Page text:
How Did the 2015 Utah Legislative Session Impact Kids?

23 March 2015 Written by  

Policies affect children—but children don’t vote. At Voices for Utah Children, we have spent the 2015 legislative session raising our voices on behalf of children, informing policymakers that government can and should act to keep kids safe and help them succeed.

This session, we are pleased to report that Utah lawmakers passed several bills that will help keep children safe, support healthy early childhood development, improve educational opportunity, and preserve family security by prohibiting employment discrimination. But of course, the news is not all good.

The Good

Keeping Children Safe

Supporting Healthy Early Childhood Development

kids at Capitol 2015-02-25 10.08

  • The Children's Hearing Aid Pilot Program was converted to a permanent program to help young children get high-quality hearing aids as soon as the diagnosis of hearing loss is made. (Rep. Becky Edwards, R-North Salt Lake, HB 18)
  • $1 million in one-time funding, using federal funds, was allocated to Nurse-Family Partnership, an evidence-based home visiting program that has been shown to save taxpayer money by reducing rates of preterm birth and crime. (Rep. Ed Redd, R-Logan, Rep. Paul Ray, R-Clearfield & Sen. Allen Christensen, R-Morgan, Summit, Weber Counties)

Protecting Families from Employment Discrimination

Improving Education for Utah students

  • Legislators established new education revenues that will generate $75 million annually for public schools in areas with lower property values, helping equalize per-pupil funding between richer and poorer school districts. (Sen. Aaron Osmond, R-Salt Lake County, SB-97)
  • An American Indian-Alaskan Native Education Commission was established to identify educational needs of this community and develop a plan to address these needs. (Rep. Jack Draxler, R-North Logan, HB 33)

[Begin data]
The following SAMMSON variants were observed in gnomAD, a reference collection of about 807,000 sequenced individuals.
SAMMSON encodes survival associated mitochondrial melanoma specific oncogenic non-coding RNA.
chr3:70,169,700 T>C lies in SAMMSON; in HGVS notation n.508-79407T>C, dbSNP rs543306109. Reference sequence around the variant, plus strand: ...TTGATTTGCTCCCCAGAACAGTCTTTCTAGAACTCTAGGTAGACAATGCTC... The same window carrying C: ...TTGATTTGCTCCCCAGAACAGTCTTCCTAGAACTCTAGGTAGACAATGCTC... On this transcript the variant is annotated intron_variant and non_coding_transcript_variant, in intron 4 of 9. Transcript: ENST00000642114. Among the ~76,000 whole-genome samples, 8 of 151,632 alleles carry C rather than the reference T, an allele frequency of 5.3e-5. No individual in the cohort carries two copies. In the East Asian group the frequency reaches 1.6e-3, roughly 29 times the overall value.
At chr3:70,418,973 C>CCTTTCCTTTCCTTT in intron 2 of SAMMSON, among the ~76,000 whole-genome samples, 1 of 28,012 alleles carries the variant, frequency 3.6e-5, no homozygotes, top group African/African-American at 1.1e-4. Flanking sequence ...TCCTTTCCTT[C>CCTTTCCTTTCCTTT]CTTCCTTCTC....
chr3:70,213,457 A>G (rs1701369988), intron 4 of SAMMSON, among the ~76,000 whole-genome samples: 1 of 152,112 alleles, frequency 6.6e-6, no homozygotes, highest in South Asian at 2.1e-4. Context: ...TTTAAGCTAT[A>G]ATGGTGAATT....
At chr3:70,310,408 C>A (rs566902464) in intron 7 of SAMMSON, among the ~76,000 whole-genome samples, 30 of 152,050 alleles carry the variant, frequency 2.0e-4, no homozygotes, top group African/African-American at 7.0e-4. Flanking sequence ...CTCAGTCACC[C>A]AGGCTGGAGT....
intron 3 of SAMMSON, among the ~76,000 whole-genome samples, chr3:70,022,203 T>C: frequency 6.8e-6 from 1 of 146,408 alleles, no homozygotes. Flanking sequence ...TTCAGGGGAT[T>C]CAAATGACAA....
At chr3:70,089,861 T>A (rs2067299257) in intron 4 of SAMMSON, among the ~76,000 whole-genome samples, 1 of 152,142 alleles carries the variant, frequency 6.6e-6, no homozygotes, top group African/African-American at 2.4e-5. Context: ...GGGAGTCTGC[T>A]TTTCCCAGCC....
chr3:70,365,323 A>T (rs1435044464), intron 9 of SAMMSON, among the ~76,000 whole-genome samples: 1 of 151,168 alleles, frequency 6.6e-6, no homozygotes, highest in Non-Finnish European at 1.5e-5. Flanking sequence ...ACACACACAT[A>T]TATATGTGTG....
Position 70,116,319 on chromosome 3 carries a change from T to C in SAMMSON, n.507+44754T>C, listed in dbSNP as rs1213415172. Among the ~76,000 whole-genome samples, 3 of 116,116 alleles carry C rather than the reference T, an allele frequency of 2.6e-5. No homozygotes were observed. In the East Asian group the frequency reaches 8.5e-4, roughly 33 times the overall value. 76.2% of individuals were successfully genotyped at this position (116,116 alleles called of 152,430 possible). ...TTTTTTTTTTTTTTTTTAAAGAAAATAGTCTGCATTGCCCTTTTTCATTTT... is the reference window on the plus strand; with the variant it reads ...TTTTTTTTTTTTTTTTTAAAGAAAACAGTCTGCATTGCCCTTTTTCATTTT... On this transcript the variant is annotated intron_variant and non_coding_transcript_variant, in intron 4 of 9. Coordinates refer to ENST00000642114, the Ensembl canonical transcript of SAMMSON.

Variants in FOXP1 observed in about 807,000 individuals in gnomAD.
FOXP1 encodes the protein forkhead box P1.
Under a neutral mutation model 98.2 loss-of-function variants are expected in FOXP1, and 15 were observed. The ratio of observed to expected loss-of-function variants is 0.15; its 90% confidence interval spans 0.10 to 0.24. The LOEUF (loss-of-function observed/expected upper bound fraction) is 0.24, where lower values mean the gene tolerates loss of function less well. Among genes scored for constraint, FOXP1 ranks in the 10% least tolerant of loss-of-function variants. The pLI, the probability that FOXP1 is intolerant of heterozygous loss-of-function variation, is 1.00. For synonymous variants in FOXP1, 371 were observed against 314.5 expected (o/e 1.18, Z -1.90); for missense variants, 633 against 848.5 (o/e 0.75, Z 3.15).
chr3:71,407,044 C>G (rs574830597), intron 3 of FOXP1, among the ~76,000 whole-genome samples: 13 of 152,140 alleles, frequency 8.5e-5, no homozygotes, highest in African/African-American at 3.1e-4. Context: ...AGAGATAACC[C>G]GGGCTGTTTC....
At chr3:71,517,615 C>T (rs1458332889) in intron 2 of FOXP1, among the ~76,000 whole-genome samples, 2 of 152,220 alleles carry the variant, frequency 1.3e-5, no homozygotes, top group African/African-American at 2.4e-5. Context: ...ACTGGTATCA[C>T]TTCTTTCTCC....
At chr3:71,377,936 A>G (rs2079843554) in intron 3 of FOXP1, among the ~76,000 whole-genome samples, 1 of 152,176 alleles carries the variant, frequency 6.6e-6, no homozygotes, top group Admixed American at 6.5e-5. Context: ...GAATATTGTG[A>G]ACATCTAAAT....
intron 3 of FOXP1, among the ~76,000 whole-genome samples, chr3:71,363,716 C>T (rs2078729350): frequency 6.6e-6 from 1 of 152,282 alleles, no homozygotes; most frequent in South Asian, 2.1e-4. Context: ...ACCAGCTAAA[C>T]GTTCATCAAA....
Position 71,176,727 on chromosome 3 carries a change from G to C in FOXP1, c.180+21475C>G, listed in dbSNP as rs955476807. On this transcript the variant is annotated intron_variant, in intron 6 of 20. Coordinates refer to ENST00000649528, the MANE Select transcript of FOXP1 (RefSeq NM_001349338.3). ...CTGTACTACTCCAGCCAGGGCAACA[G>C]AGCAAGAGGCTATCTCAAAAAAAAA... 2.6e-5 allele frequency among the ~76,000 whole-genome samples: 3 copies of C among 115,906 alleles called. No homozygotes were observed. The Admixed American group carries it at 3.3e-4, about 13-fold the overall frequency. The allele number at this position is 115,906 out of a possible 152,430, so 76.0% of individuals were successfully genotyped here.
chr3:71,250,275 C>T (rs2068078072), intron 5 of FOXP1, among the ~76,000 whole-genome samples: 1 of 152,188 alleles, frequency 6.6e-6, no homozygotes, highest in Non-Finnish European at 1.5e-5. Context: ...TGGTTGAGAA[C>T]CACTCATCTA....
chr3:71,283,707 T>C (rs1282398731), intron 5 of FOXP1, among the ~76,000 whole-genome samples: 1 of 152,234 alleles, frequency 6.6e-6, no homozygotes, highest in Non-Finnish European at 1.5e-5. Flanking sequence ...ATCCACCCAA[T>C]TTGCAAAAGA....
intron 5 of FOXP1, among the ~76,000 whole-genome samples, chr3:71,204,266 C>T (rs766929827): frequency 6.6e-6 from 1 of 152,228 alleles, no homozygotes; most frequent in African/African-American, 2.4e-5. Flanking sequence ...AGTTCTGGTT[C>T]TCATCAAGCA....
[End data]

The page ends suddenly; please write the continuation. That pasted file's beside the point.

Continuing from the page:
Reducing General Fund Earmarks

  • Legislators took important first steps toward reducing the state’s reliance on earmarks to fund transportation. This is important to children because these earmarks currently divert over half a billion dollars of General Fund money away from education, public safety and social programs every year (and still rising). (Rep. Johnny Anderson, R-Taylorsville, HB 362)

Good, but Could Have Been Better

ed rallyThousands of teachers, parents and students rallied at the Capitol to encourage the Legislature to increase per pupil public education spending by 6.25%, as proposed by Governor Herbert. Utah currently ranks last in the nation for per pupil spending. The Legislature did raise per pupil spending, but only by 4%.

The Bad

Many promising bills to address air pollution failed to pass, while a bill that did pass, protecting wood-burning, takes a step backwards. (Rep. Brad Dee, R-Ogden, HB 396)

Utah became the 26th state to pass a resolution calling for federal Constitutional Convention to pass a balanced budget amendment. If 34 states pass such a resolution, the convention will take place.  A federal balanced budget amendment would likely lead to sudden, severe cuts in federal, state, and local budgets, inevitably affecting children, especially children from low-income families. Moreover, the convention could result in other unanticipated changes to the U.S. Constitution. (Rep. Kraig Powell, R-Heber City, HJR7)

The Ugly

Governor Herbert’s Healthy Utah plan, which would have helped low-income, working families to access private health insurance using federal tax dollars that Utahns have already paid, passed the Senate but was killed in the House of Representatives.  (Sen. Brian Shiozawa, R-Salt Lake City, SB 164) House leadership supported a plan that would require more state money and offer many people primary care only instead of health insurance. (Rep. Dunnigan, R-Taylorsville, HB 446) For now, Utah will continue doing nothing to help Utahns in the coverage gap. Governor Gary Herbert has announced that he will call the legislature to a special session to vote again on extending health care coverage to Utah's low-income poor after July 31, so keep contacting your legislators to express your support for Healthy Utah!

lugu-isolatedThe work is not done!  A Love Utah Give Utah gift to Voices for Utah Children will help us keep working to ensure that all Utah children are able to reach their full potential in life and contribute to Utah’s future prosperity. Learn more:

April Young Bennett 300April Young Bennett, Communications Director, joined the organization in 2014. She received her Master of Public Administration from the University of Arizona and her Bachelor in Community Health Education from Utah State University. Prior to joining Voices for Utah Children, April worked for the Utah Department of Health for over a decade, addressing health disparities among minorities and other underserved Utahns. She completed internships and fellowships with the VA Salt Lake City Health Care System, the Center for Applied Behavioral Health Policy and the U.S. Senate.